Tales from a Royal Guardsman

Coldstream Guards

Arthur Smith is a man that has had the privilege of protecting the Royal Family and the Palaces as a Royal Guardsman. His tenure as a guardsman has provided him with many interesting anecdotes.

Arthur enlisted in 1981 at age 16. He went to bootcamp at Folkestone on the Kent Coast. From there he went on to the Infantry Junior Leaders Battalion. This was a program to train future Non-Commissioned Officers. Then he was dispatched to Guards Depot Pirbright in Surrey. At first he was posted in the Second Battalion Coldstream Guards in Fallingbostal, West Germany.  

Arthur was located at the Wellington Barracks except for five months in 1985 when the battalion was rotated to South Amaugh (bandit country).

Platoon South Amaugh Ireland
Arthur at the Mortar Platoon South Amaugh, Ireland 1985
He is second row, third from left
This was during his rotation from public duties

Public Duties

After some time at the Wellington Barracks in London, Arthur began his duties as a royal guardsman. His public duties in London were located at Buckingham Palace, St. James Palace, and the Tower of London. The public duties are also carried out at Windsor Castle, which is one of Queen Elizabeth’s Royal Residences.

The guard shifts in Spring and Summer included on the post two hours on, then four hours off with the guards in rotation on 24 hour cycles.

When Queen Elizabeth was in residence the Royal Standard (flag) is flying above the palace. When she is present the guard personnel increases in numbers.

Meeting Queen Elizabeth

In 1983 at Baron’s Court Arthur met Queen Elizabeth at a Garden Party for the household division. He admits to being very nervous about meeting her. She was making her way around to the personnel that made up her guard’s regiments and thanking them for their service. The Queen came up to Arthur, looked him in the eye and asked him how long has he served. She shook his hand firmly as she did this. He replied three years and was enjoying his time in the Coldstream Guards. 

Wellington Barricks marching to Buckingham Palace for Chaning of the Guard Coldstream Guards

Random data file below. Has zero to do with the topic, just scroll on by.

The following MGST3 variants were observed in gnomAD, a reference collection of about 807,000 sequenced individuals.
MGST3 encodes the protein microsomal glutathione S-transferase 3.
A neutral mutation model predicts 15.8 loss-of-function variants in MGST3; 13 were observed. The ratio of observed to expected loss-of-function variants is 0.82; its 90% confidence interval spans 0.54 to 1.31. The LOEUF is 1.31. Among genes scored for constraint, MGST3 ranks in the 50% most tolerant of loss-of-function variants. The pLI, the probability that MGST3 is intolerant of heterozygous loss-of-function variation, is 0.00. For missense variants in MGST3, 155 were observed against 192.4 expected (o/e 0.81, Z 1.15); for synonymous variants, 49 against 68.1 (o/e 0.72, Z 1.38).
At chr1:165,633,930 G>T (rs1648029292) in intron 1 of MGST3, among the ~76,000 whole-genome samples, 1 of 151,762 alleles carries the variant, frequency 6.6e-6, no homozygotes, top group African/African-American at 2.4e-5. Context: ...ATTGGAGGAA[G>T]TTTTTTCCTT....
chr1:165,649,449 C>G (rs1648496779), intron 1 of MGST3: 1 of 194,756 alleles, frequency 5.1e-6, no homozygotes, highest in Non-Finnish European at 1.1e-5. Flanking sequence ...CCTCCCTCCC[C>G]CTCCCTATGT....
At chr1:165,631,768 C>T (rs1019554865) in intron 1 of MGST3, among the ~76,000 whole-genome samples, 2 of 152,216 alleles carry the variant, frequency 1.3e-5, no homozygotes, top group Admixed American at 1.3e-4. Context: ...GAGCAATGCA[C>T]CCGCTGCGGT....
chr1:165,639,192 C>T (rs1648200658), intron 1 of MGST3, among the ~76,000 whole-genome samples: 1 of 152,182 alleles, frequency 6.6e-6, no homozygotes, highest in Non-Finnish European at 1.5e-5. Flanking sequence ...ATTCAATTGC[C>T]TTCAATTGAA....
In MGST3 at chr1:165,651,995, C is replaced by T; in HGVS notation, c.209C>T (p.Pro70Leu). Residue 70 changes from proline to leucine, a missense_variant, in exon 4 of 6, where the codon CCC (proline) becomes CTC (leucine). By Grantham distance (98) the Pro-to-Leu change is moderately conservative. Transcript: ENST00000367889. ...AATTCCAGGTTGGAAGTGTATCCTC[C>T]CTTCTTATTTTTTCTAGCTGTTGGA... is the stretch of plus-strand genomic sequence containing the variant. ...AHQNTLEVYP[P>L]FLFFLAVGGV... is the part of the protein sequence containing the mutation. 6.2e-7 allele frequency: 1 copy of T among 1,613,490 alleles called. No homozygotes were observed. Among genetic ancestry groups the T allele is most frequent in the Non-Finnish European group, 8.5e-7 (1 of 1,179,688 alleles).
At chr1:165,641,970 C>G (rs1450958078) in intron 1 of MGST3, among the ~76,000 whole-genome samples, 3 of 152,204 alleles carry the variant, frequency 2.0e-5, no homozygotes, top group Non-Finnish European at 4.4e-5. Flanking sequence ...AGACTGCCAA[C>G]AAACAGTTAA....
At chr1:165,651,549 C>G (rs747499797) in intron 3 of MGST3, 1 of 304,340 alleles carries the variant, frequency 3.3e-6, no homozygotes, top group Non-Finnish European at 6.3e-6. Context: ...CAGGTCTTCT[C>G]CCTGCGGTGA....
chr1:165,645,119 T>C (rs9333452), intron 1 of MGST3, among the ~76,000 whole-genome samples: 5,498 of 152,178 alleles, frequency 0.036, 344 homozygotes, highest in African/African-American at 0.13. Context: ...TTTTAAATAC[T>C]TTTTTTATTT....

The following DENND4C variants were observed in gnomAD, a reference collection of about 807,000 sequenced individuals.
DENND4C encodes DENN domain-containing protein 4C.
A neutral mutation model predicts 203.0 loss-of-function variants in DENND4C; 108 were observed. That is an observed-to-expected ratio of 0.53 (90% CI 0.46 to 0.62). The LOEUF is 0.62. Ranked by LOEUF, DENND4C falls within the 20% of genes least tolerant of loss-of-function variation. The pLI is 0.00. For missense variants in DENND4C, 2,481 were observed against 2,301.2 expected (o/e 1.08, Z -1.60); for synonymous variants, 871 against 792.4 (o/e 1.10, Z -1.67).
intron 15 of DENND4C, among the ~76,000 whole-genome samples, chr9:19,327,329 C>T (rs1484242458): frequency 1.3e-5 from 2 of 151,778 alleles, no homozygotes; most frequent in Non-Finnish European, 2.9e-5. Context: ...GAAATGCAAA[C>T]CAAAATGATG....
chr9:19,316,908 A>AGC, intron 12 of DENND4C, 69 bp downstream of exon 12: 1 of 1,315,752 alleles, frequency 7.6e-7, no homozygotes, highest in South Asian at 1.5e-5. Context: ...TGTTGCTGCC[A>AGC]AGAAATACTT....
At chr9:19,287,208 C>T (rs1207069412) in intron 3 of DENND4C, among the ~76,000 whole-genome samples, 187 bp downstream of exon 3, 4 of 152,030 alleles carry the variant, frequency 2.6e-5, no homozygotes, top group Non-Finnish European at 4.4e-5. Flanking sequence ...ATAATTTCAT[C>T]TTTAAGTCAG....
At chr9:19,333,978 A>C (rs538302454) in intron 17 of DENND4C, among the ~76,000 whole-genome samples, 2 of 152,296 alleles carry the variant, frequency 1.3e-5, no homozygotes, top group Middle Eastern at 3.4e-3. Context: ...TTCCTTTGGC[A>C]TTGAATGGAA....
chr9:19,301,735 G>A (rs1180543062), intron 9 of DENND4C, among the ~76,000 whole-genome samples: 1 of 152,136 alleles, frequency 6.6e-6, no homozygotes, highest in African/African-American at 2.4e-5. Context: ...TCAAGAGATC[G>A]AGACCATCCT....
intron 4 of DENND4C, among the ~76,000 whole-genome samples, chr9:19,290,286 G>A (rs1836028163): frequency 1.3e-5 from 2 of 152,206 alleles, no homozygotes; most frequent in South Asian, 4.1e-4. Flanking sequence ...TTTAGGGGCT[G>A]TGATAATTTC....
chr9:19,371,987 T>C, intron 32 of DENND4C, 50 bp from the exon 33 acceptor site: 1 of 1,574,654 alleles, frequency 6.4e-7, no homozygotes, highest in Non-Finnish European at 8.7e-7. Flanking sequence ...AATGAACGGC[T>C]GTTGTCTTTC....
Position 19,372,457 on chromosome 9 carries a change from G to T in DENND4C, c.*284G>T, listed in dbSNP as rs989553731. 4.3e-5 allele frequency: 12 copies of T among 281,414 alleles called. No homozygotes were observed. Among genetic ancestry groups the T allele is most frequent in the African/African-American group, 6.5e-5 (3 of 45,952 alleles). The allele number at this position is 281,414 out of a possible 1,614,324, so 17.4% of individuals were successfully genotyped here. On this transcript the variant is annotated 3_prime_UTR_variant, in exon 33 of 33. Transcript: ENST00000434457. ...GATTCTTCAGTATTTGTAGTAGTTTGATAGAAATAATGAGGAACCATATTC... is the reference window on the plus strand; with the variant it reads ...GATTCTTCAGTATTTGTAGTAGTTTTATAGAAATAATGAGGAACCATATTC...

Arthur, center with mustache, marching from Wellington Barracks to Buckingham Palace during Changing of the Guard

Tales from a Royal Guardsman

At the Tower of London, Arthur was posted outside the guardroom of the tower, opposite the White Tower. During Officer’s rounds the chain in front of the sentry box to keep the public out was open.

At this time, a female American tourist decides to get a photo taken next to Arthur. She had crossed the line where the chain should have been. At first standing at ease, Arthur then stood at attention as per protocol. This lady had mistakenly thought he was getting ready for the photo opportunity. Arthur then shouldered his rifle as she kept approaching him. Since she did not understand the warning, he challenged her and screamed, “HALT” and thrusted his bayonet towards her. She screamed and ran off in a panic.

This type of incident has happened occasionally with the sentries. Arthur commented, “We are not there as a tourist attraction but to do a job to protect the Royal Family and their palaces.”

Tower of London
Tower of London
geograph.org.uk

According to Arthur, the Tower of London was a scary place in the middle of the night. Even though the tower is in the center of bustling London, at this time, the midnight quiet had a creepy aura. Seth, another guardsman, would prowl around at 2 am wearing a horror mask and cape. Then he would proceed to frighten the young guardsman. He loved to do this for laughs.

The Residence of the Queen Mother was St. James Palace. On very hot days she would send out orange squash to the sentries to refresh them. In the middle of summer the guards can get very warm in their wool uniforms. From April through September the guards wear red tunics (summer dress) , and from October through March they wear grey coats (winter dress).

Queen’s Birthday Parade

On three separate occasions Arthur was part of the Guard for the Queen’s birthday parade. This usually takes place in late May or early June. This is the official head of state’s sovereign birthday, and not Queen Elizabeth’s actual birthday of April 21st.

Arthur was present at the inspection at Horse Guards in the video below. This was the last time Queen Elizabeth rode in for the inspection on horseback. Every year after, the Queen did the inspection from a carriage. 

In 1988 Arthur left the service and headed north to Doncaster to take care of his younger sister because their mother had died. His time as a Royal Guardsman was indeed a significant time in his life. In 1996, he co-founded Northern Precision LTD, a company that is still in business to this day.

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